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I'm currently in a team where it lacks of its resources. The dev't team had only one websphere server for testing and we could not deploy our project in our local desktop because the websphere is only installed in one unit. Hence, every one is waiting after another in testing their fixes and feature. I tried to ask the manager if we could have our own copy of websphere installed in our local desktop but the manager is questioning us why we need it. I said some of the reason, but I guess the manager is still in doubt.

The question now is, in a development team, is having your own local application server installed in your desktop part of a best practices? how and why? what are the benefits? or what are the cons and pros?

closed as too broad by gnat, user22815, Kilian Foth, durron597, ratchet freak Apr 13 '15 at 14:53

Please edit the question to limit it to a specific problem with enough detail to identify an adequate answer. Avoid asking multiple distinct questions at once. See the How to Ask page for help clarifying this question. If this question can be reworded to fit the rules in the help center, please edit the question.

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    recommended reading: What is the problem with “Pros and Cons”? – gnat Apr 10 '15 at 16:21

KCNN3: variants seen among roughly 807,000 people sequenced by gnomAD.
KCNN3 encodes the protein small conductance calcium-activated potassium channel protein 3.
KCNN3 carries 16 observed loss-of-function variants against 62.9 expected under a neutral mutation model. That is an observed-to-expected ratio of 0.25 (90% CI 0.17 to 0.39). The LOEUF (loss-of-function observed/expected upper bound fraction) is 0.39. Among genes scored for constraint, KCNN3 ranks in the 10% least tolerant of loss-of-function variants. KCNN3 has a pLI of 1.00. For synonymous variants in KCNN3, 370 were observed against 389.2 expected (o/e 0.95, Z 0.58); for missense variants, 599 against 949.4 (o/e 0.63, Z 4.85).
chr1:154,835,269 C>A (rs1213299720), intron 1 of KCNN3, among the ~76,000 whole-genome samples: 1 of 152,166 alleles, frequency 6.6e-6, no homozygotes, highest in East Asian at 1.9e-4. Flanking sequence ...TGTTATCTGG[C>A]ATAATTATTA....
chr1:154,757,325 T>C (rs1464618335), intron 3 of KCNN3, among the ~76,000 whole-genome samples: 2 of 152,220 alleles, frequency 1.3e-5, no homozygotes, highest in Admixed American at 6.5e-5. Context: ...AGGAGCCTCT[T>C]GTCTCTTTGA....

• Hi gnat, thanks for answering, but I looking for the con's and pro's of having a one server instance that used by all the developer for testing – juliusgutierrez Apr 10 '15 at 16:50
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    @juliusgutierrez I think you are missing the point of gnat's suggested reading. Questions that ask for pros and cons on a given topic rarely produce quality answers and often devolve into a list of "I like X" and "I don't like X". There is too much ground to cover in questions such as these that if becomes a never ending list - not a good fit for the Q&A format. If you could identify the problem you are having that you are looking for a solution to, it would work to make a better question that can get better answers. – user40980 Apr 10 '15 at 17:35
  • Would this question be good quality if he simply removed the pro/con question from it? – Daniel Kaplan Apr 10 '15 at 18:07
  • @DanielKaplan possibly, though I'm not sure exactly what the problem is (the answers seem to be taking stabs at it). The jist of the post seems to be about trying to persuade one's manager that another way is the best way (related: How do I explain ${something} to ${someone}?). I currently work in a "one websphere server, local tomcat" environment - and no, I don't have the license for local websphere. The problem of "we are having trouble testing in websphere because we have to queue up" is a solvable one - but is that the problem? – user40980 Apr 10 '15 at 18:23
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Very valid question and my team was in a similar situation - which is why sticking to the core specification of the API in use is so much more important to avoid vendor lock-ins. My answer is assuming you are on a Java stack but you can juxtapose for other language stacks. So yes get local setups for your team but you may not be able to get WebSphere so improvise - here are a few suggestions...

For your local environments I would suggest you deploy you application in Apache Tomcat preferably if you have no application server requirements. If you do have application server requirements consider Apache TomEE.